Sorry we’re a day late on the blog. We were so super excited to sit down with Chris Convissor that we lost our heads and forgot to bring the coffee. We’re here this morning to talk to Chris about her award-winning book, her time at the GCLS Writing Academy. We remembered to bring the coffee this time,
Welcome Chris! Let’s jump right in.
What inspired you to join the Writing Academy?
A lot of arm-twisting from Linda Kay Silva.
Yes. She was one of the first instructors. And she browbeat you?
It was worth it.
Your book from your academy days was the amazing book The Urn Carrier. Tell me how that came about.
The GCLS Writing Academy made it clear we’d be working on a book length work. I was thinking of myself as a short story writer, so I had planned a collection of short stories. When the assignment described a novel, my eyes bugged out. A mini panic set in. (Ed. Note. The academy now allows short story collections as the program’s work in progress.) I scrambled to revive an idea from years ago, but my heart wasn’t in it. On a Tuesday before the Saturday when 50 pages were due my mentors, I looked up and said, “I got nothin. So if you have something, hit me.” The very next morning, no shit, I woke with the germination of Urn. What would I do with this container when I pass on? Who would I entrust with whatever was left of me?” It took off from there. My mentors enjoyed the first 50 pages and asked for the rest.
I wrote back,” Can you give me two weeks?”
The raw Urn was done in 6-8 weeks. It basically wrote itself.
That’s huge. And what you didn’t mention is that you won a Goldie for that book. What was that moment like?
Un-freaking Believable. When the awards for debut author came and went, I thought that was my best, missed chance. When they announced Best Dramatic/General, Urn was the last book they announced, and then they did it twice. I thought, ”Why are they saying Urn twice?” Linda Kay Silva, and Carolyn Schwab, my girlfriend, were shaking me and clapping my back, shouting, “You won!”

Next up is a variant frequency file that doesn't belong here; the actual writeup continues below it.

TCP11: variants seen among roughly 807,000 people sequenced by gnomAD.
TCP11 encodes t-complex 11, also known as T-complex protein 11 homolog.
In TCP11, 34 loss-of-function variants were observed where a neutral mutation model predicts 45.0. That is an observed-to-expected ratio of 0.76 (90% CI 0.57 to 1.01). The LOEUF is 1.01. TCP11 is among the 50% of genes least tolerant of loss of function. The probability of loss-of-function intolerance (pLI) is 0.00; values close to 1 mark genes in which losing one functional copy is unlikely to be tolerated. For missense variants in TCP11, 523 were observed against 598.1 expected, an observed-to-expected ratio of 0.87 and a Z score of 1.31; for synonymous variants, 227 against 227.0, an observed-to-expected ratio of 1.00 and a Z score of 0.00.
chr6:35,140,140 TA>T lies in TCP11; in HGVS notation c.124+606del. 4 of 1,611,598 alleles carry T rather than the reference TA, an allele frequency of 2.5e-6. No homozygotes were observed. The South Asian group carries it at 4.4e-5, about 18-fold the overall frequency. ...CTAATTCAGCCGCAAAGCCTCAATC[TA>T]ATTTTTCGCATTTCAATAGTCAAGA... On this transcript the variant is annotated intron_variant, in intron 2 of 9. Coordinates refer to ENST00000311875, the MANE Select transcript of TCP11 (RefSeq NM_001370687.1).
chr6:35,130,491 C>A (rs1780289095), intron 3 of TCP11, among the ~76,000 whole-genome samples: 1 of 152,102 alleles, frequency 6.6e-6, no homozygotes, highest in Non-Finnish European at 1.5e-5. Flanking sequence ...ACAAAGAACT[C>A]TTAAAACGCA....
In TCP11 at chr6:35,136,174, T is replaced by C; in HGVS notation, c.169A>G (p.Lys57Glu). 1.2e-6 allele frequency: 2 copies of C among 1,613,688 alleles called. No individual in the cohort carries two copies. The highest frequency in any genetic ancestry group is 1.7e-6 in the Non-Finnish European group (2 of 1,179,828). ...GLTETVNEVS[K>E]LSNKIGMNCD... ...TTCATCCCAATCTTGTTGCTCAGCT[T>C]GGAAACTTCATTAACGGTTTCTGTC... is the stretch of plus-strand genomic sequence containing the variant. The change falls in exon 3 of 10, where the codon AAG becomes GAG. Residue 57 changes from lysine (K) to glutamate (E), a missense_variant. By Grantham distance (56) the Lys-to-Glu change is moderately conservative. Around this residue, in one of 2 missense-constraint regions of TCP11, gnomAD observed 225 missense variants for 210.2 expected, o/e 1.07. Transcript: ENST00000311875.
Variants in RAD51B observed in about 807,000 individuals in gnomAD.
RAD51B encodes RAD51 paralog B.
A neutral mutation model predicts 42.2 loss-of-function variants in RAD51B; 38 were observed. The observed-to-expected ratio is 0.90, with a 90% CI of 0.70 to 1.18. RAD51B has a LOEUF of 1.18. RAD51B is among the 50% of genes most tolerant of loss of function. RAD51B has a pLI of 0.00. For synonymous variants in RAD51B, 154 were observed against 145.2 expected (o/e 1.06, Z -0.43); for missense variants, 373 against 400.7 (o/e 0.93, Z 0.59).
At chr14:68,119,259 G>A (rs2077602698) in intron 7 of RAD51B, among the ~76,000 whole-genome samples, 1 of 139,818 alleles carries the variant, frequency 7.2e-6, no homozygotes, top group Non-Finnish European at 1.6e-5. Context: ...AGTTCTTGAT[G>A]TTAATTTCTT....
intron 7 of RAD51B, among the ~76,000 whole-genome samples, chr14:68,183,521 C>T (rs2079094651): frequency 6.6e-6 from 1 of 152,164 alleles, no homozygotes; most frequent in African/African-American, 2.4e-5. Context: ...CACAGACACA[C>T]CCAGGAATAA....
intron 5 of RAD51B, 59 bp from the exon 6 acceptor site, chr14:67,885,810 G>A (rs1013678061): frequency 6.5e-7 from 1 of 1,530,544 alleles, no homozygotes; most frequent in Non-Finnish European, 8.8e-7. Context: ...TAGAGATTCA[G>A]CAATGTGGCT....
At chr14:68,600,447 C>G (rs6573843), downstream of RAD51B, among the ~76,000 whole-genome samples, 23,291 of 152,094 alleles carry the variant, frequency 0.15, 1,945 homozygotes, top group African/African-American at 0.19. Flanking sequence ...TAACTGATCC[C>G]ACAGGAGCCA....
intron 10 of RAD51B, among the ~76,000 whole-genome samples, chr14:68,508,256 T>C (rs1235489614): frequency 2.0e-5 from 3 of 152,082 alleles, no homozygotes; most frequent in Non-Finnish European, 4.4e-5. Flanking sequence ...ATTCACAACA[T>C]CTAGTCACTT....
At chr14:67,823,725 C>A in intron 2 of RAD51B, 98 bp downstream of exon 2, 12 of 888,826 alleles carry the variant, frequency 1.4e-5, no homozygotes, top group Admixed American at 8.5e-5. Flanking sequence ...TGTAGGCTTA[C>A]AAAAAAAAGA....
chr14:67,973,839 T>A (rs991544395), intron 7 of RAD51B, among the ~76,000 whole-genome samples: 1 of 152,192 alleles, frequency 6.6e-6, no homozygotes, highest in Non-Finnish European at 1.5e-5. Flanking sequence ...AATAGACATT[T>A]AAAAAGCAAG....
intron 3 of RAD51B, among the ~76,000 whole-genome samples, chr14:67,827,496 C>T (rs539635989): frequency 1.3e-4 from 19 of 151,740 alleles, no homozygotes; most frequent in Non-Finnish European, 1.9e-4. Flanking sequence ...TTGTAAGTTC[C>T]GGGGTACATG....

You mentioned mentors. What’s that about?
My mentors—someone must have thought I needed two—were, Ann McMan and Lee Lynch. They were awesome, positive, constructive, acerbic, witty, and generous. I think I won the mentor lottery, however, looking back at that first class in the Academy, many of us succeeded in securing publishers, so that speaks to the quality of the Academy and all of our mentors.
It’s true. The mentoring portion is such an amazing part of this program. Do you have another book out now?
Saving Vincent debuted October of 2018. It’s a novella that is leading to In The Land, which I hope will be out this fall.
What’s In the Land?
In The Land is a novel set on an island in Michigan’s upper peninsula in 1979. It’s about 4 old ladies who cannot sleep at 3 in the morning, so they play cards, talk about all the injustices going on around them and then get into all sorts of mischief attempting to right wrongs.
That sounds awesome! Do you have any writing rituals to get you into the mood?
I write everything long hand. I like a black Pilot G-2 .07. I like to write first thing in the morning. My ritual is, “Show up.” Creative bursts come in the am, then I work off the computer in the afternoon.
Showing up to write is important. So is reading. What’s currently on your nightstand?
Stephen King’s On Writing, The Silence of the North by Olive Fredrickson, The Elements of Style, William Strunck Jr and EB White, To Kill a Mockingbird Harper Lee, Lez Talk A collection of short stories edited by S. Andrea Allen and Lauren Cherelle, Before Happiness Shawn Achor, Utopia for Realists Rutger Bregman.
I just got Lez Talk and am looking forward to diving into the stories. And On Writing has some excellent writing advice. What advice would you give an emerging author?
Write, read, write and keep on reading and writing. Show up. Explore, live, adventure, take risks.
That’s fantastic advice. Have you ever been given any truly bad advice?
Plenty. Usually from folks still in their ego phase of life. The best test? If it doesn’t sound right and it doesn’t feel right, it’s probably not right. Let advice sit with you and if it doesn’t resonate, toss it. The good stuff percolates into your writing, at least that’s been my experience.
Pearls of wisdom. So if you could go back twenty years and do it all over again, knowing everything you’ve learned over the years, would you?
Oh hell no. I’m having way too much fun now.
Is there anything you want us to know that we haven’t asked?
Plenty. But you’ll have to read my books before you get to know the rest.
The GCLS Writing Academy is a yearlong intensive program for new or relatively new writers who have written at least part of a novel. In this course, students will learn the critical components of quality writing. The Writing Academy goes beyond craft of writing and takes students through all aspects of writing and publishing a novel.